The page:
RAJESH KUMAR - Cricket Statisticians
Wisden Cricketers' Almanack 2017
Wisden Cricketers' Almanack 2017 Edited by Lawrence Booth, Co-editor: Hugh Chevallier, Deputy Editors: Steven Lynch and Harriet Monkhouse
Consultant publisher: Christopher Lane

Published by:
John Wisden & Co. Ltd.

An imprint of Bloomsbury Publishing Plc,
50 Bedford Square, London WC1B 3DP, UK

ISBN 9781472935182

Web: www.wisden.com, www.bloomsbury.com

Price: Rs.1499/-

Available in India from Bloomsbury Publishing India Pvt. Ltd., Vasant Kunj, New Delhi - 110070)

It is 'Wisden time' once again. Wisden Cricketers' Almanack 2017, the 154th edition, is the sixth under the editorship of Lawrence Booth, who has done a competent job.

With its iconic yellow jacket and with all the usual indispensable features, the Wisden Cricketers' Almanack has been published every year since 1864.

Another enduring Wisden tradition dating back to 1889 is the selection of Five Cricketers of the Year. The said award is considered as Cricket's nearest approach to a Hall of Fame. By tradition, the selection made by the Editor, is based primarily on the performance during the previous English season and in the Test series involving England. Quite naturally, there have been more Englishmen than others in this anxiously awaited Bible. No player may be chosen twice.

Ben Duckett, Chris Woakes, Younis Khan, Misbah-ul-Haq and Toby Roland-Jones have been named as the five cricketers of the year.

This year's volume runs to 1,536 pages and was for the first time, printed in Italy.

The first section of the almanack commences traditionally, with the usual Notes from the Editor and this year, Lawrence Booth again takes us through his view of what might be called the state of play of the game with all the changes and often conflicting pressures trying to integrate together in order to move the game forward.

Former Wisden editor Matthew Engel looks back on 60 years of Test Match Special. He calls the programme "a miraculous survivor" even though the programme has altered radically since the days of John Arlott and company. Matthew believes "there is a fundamental difference between the broadcasting of cricket on radio and on television, and it has grown wider with the years. On TV, the orthodoxy is that This Is Thrilling And It Really Matters, no matter what. On radio, there is a tacit pact with the listener, who will be registering the cricket as an agreeable extra in their own day-to-day routine."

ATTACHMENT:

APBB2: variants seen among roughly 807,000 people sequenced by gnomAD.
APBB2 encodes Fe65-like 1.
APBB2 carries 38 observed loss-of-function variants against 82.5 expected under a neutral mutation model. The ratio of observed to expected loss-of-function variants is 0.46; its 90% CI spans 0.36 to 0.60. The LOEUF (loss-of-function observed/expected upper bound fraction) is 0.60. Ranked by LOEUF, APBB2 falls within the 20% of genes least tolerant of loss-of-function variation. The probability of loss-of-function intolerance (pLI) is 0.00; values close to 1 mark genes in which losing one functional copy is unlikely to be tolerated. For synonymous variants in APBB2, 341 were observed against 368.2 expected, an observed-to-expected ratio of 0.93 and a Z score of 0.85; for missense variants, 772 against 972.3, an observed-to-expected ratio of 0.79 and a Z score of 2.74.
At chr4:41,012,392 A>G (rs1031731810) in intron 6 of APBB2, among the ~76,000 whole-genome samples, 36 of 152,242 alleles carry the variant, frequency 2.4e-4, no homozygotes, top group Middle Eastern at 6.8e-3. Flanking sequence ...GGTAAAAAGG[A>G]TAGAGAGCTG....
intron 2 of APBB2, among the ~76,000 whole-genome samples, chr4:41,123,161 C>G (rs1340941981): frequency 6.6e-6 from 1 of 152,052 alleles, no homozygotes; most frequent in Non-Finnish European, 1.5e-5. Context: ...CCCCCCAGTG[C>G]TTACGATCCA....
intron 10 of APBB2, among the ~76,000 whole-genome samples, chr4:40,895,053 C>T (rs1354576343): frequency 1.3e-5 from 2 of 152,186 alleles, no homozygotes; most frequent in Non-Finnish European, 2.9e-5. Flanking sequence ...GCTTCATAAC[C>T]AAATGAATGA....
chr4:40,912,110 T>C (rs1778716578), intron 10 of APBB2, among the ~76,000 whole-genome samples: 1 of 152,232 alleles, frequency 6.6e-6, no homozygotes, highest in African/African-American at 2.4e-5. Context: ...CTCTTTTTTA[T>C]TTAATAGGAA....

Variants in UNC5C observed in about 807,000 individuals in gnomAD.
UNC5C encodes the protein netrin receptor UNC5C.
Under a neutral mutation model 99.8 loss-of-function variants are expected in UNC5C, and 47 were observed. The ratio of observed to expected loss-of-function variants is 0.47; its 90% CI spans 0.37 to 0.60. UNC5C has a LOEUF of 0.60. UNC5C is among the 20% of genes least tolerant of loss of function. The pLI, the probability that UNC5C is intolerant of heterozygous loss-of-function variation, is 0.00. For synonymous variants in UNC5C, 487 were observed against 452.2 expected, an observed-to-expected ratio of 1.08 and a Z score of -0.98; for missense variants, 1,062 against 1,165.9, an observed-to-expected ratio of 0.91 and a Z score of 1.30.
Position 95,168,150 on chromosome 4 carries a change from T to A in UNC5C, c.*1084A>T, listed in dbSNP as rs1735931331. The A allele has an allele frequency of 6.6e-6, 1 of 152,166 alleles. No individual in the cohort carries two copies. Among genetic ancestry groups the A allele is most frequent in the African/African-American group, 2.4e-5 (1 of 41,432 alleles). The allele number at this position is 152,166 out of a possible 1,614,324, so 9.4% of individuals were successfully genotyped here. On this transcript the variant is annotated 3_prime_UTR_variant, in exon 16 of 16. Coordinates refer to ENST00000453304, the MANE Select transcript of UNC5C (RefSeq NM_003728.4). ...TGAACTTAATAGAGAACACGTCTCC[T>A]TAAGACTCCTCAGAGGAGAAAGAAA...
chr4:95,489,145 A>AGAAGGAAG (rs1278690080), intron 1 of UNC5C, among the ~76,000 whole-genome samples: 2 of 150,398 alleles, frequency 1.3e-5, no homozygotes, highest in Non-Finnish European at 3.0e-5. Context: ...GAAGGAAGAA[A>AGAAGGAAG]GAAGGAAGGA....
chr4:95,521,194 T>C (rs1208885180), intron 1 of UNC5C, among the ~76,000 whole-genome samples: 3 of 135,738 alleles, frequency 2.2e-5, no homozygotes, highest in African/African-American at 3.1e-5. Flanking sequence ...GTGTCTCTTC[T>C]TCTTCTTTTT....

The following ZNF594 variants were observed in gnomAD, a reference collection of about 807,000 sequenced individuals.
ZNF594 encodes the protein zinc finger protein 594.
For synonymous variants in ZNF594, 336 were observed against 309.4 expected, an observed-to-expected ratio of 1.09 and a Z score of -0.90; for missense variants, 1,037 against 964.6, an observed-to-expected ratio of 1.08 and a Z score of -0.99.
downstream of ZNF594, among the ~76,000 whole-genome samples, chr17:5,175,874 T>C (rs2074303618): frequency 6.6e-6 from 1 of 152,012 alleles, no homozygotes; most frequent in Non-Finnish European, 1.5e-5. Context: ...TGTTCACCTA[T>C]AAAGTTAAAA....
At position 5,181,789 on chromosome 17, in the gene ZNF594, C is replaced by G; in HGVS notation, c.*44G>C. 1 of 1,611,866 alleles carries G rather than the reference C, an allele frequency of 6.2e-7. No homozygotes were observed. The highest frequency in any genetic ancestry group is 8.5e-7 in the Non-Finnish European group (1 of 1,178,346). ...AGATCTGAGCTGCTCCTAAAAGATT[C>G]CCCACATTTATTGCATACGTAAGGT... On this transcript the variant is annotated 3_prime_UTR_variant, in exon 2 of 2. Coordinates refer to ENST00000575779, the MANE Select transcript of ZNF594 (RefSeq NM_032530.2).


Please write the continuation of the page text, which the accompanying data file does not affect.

Hanif Mohammad, Trevor Goddard, John Gleeson, Martin Crowe, Tony Cozier, Donald Carr, Ken Higgs, Imtiaz Ahmed, Leonard Moon, Deepak Shodhan, Max Walker find a place in the Obituaries' section.

Vic Marks, who has played for Somerset and England, has paid a rich tribute to Tony Cozier (1940 to 2016) in his article, namely, Master of all trades: "To watch him at work at a Test match was an education. He would move from the TV commentary box to the press room to the radio box, never hurried, yet never stopping. He mastered all three disciplines long before most of those around him had entered a media centre. Yet he will be remembered most for his work on radio. He had all the tools of the great broadcaster, among them that soothing voice and fount of knowledge unsurpassed by any other commentator or summariser of my experience."

The cricket books, released last year, have been reviewed by Marcus Berkmann. Following On: A memoir of teenage obsession and terrible cricket by Emma John has been adjudged the Wisden Book of the Year 2017.

Virat Kohli was named the leading Cricketer in the World in 2016 - the third Indian to accomplish the feat - the first two being Virender Sehwag in 2008 & 2009 and Sachin Tendulkar in 2010.

Last year, Kohli had averaged 75.93 in Tests; 92.37 in ODIs and 106.83 in T20Is. While profiling Kohli, Bharat Sundaresan commented: "Being India's captain - and Kohli is now in total charge, after M.S.Dhoni stepped down as skipper of the white-ball teams in January 2017 - is akin to being a realty star. He lives his life in the public eye, the cameras always turned towards him, the scrutiny never-ending. Yet Kohli has thrived. A lack of runs in England remains the only blip on his CV. And it would take an equally brave man to bet against him setting the record straight when India return to England in 2018."

Ellyse Perry was named the leading Woman cricketer in the World in 2016. Profiling her, Raf Nicholson remarked; "Though in recent years her batting has brought fame, Perry began as a bowler, the spearhead of the attack. On debut against New Zealand in July 2007, aged 16, she became Australia's youngest international cricketer. In 2010, she was the leading wicket-taker when they won the World Twenty20 in the Caribbean, and claimed three for 18 in the final. She was vital in Australia's hat-trick of titles - two more WWT20s, one World Cup - between 2012 and 20-14, and will for ever be remembered for the 2013 World Cup final against West Indies, when with an injured ankle, she limped in for ten overs and took three for 19."

Jon Hotten, while profiling Joe Root (after his 254 against Pakistan, has remarked: "He is being talked about as one of the best batsmen in the world across all formats - with Steve Smith, Virat Kohli, Kane Williamson and Abraham de Villiers."

The Vivo Indian Premier League in 2015-16 has been covered by Anand Vasu while Domestic Cricket in India 2015-16 has been covered by R.Mohan.

In a Crime and Punishment section - ICC Code of Conduct - Breaches and Penalties in 2015-16 to 2016-17, four Indian players figure - Rohit Sharma (twice), Hardik Pandya, Virat Kohli and Ravindra Jadeja.

The text is adorned with some superb colour photographs. A lavish production,

Wisden Cricketers' Almanack 2017 provides all the facts and figures of a year, meticulously compiled by Philip Bailey.

Many happy hours can be spent absorbing the endless data.